Will Barnet, an artist who during an acclaimed eight-decade career depicted the Great Depression's victims in gritty prints, sojourned in abstraction and finally returned to a haunted and stylized realism for which he is best known, died Tuesday in New York City. He was 101.
Barnet died of cardiac arrest at an apartment building for artists in Gramercy Park where he had lived for 28 years. He had continued to draw even after turning 100, and four days before his death he visited galleries in Chelsea to see how they were faring after superstorm Sandy.
In February, President Barack Obama awarded Barnet the National Medal of Arts. The artist's daughter, Ona Barnet, confirmed the death.
Barnet is best known for perspective-flattened scenes of domestic life, which he produced in oils and serigraphs starting in the 1960s. Many of the works include images of his wife, Elena, and their daughter, as well as dogs, cats and birds.
In style, they were a synthesis of what had come before in an already long career.
"He started out as a representational artist and moved into abstraction," said Joann Moser, senior curator at the Smithsonian American Art Museum in Washington.
"Then in the mid-1960s, he adopted a type of abstracted realism in which he achieved a precise balance between abstraction and representation."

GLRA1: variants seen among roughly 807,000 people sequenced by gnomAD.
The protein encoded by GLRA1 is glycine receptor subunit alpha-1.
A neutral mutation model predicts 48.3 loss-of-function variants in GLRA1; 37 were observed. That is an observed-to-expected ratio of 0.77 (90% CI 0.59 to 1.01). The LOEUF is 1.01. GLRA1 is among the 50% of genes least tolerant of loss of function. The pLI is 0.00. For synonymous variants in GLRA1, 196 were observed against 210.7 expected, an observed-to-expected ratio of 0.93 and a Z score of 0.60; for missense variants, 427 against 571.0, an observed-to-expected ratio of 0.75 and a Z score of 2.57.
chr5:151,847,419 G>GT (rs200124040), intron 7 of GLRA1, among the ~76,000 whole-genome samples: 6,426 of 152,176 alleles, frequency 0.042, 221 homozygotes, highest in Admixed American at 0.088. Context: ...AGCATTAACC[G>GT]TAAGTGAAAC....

The draftsmanship in the images is impeccable, but there is little shading or perspective. Many have a dreamlike quality. With areas of unmodulated color and dark lines, they recall Japanese prints. In their austere simplicity, they echo Shaker furniture.
Some of the images evoke 19th-century scenes -- women in long dresses, perhaps seafarers' or soldiers' wives watching for someone to return. Some include black birds in bare-branched trees. His piece "The Stairway" (1970), rendered in both paint and print, shows a raven-haired girl -- his daughter -- in profile descending a staircase.
Barnet met, and influenced, many artists who went on to become better known. Jackson Pollock was a classmate at the Art Students League in Manhattan. Barnet socialized with Morris Louis. He taught etching to Mark Rothko.
While Barnet's reputation fell short of famous friends and students, his work was respected and admired by critics and the art market.
In 1964, Time magazine noted that Barnet's "best work on canvas combines subtle coloring, exquisite composition and severe economy of line. There is no contemporary remotely like him."
An article 15 years later in the same publication noted that as a printmaker, "his reputation as a formal virtuoso and innovator is now secure."